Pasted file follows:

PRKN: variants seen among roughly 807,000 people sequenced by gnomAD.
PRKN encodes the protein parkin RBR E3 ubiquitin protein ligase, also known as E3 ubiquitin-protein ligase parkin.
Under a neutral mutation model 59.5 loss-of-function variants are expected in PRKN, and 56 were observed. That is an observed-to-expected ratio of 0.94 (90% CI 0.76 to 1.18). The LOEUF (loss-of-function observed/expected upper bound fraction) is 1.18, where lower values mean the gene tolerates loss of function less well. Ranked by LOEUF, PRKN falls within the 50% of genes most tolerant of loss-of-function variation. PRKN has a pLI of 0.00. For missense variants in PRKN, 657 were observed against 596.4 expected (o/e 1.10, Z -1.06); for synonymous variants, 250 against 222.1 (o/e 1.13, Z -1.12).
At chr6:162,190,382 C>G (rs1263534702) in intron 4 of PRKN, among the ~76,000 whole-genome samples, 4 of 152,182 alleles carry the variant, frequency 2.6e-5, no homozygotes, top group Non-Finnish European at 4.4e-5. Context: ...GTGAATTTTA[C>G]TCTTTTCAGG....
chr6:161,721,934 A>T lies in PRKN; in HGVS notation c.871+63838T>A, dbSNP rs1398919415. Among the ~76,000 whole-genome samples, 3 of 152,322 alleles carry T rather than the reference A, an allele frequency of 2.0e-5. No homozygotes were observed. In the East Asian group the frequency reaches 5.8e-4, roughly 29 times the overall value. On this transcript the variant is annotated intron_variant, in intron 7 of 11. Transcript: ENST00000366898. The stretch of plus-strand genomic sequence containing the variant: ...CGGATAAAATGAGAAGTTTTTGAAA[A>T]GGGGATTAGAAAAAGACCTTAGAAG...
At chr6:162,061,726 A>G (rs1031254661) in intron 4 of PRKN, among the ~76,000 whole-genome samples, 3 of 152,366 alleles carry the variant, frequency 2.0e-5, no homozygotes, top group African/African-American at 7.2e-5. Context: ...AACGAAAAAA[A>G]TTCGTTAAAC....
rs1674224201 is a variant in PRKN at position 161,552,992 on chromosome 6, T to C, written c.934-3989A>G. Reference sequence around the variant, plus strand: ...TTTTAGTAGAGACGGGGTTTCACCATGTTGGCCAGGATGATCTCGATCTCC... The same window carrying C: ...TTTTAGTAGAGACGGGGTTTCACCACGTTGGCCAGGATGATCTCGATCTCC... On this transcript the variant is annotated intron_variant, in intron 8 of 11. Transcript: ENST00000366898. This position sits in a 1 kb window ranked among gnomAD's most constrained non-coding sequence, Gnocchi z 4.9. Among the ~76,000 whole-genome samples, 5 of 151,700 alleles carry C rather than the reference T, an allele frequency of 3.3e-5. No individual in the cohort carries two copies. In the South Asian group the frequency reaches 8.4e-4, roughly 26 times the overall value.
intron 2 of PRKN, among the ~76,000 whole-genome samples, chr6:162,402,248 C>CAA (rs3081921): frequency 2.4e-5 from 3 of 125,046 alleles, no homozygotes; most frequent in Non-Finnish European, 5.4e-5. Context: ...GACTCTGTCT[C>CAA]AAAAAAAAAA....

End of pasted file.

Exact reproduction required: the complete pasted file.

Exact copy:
PRKN: variants seen among roughly 807,000 people sequenced by gnomAD.
PRKN encodes the protein parkin RBR E3 ubiquitin protein ligase, also known as E3 ubiquitin-protein ligase parkin.
Under a neutral mutation model 59.5 loss-of-function variants are expected in PRKN, and 56 were observed. That is an observed-to-expected ratio of 0.94 (90% CI 0.76 to 1.18). The LOEUF (loss-of-function observed/expected upper bound fraction) is 1.18, where lower values mean the gene tolerates loss of function less well. Ranked by LOEUF, PRKN falls within the 50% of genes most tolerant of loss-of-function variation. PRKN has a pLI of 0.00. For missense variants in PRKN, 657 were observed against 596.4 expected (o/e 1.10, Z -1.06); for synonymous variants, 250 against 222.1 (o/e 1.13, Z -1.12).
At chr6:162,190,382 C>G (rs1263534702) in intron 4 of PRKN, among the ~76,000 whole-genome samples, 4 of 152,182 alleles carry the variant, frequency 2.6e-5, no homozygotes, top group Non-Finnish European at 4.4e-5. Context: ...GTGAATTTTA[C>G]TCTTTTCAGG....
chr6:161,721,934 A>T lies in PRKN; in HGVS notation c.871+63838T>A, dbSNP rs1398919415. Among the ~76,000 whole-genome samples, 3 of 152,322 alleles carry T rather than the reference A, an allele frequency of 2.0e-5. No homozygotes were observed. In the East Asian group the frequency reaches 5.8e-4, roughly 29 times the overall value. On this transcript the variant is annotated intron_variant, in intron 7 of 11. Transcript: ENST00000366898. The stretch of plus-strand genomic sequence containing the variant: ...CGGATAAAATGAGAAGTTTTTGAAA[A>T]GGGGATTAGAAAAAGACCTTAGAAG...
At chr6:162,061,726 A>G (rs1031254661) in intron 4 of PRKN, among the ~76,000 whole-genome samples, 3 of 152,366 alleles carry the variant, frequency 2.0e-5, no homozygotes, top group African/African-American at 7.2e-5. Context: ...AACGAAAAAA[A>G]TTCGTTAAAC....
rs1674224201 is a variant in PRKN at position 161,552,992 on chromosome 6, T to C, written c.934-3989A>G. Reference sequence around the variant, plus strand: ...TTTTAGTAGAGACGGGGTTTCACCATGTTGGCCAGGATGATCTCGATCTCC... The same window carrying C: ...TTTTAGTAGAGACGGGGTTTCACCACGTTGGCCAGGATGATCTCGATCTCC... On this transcript the variant is annotated intron_variant, in intron 8 of 11. Transcript: ENST00000366898. This position sits in a 1 kb window ranked among gnomAD's most constrained non-coding sequence, Gnocchi z 4.9. Among the ~76,000 whole-genome samples, 5 of 151,700 alleles carry C rather than the reference T, an allele frequency of 3.3e-5. No individual in the cohort carries two copies. In the South Asian group the frequency reaches 8.4e-4, roughly 26 times the overall value.
intron 2 of PRKN, among the ~76,000 whole-genome samples, chr6:162,402,248 C>CAA (rs3081921): frequency 2.4e-5 from 3 of 125,046 alleles, no homozygotes; most frequent in Non-Finnish European, 5.4e-5. Context: ...GACTCTGTCT[C>CAA]AAAAAAAAAA....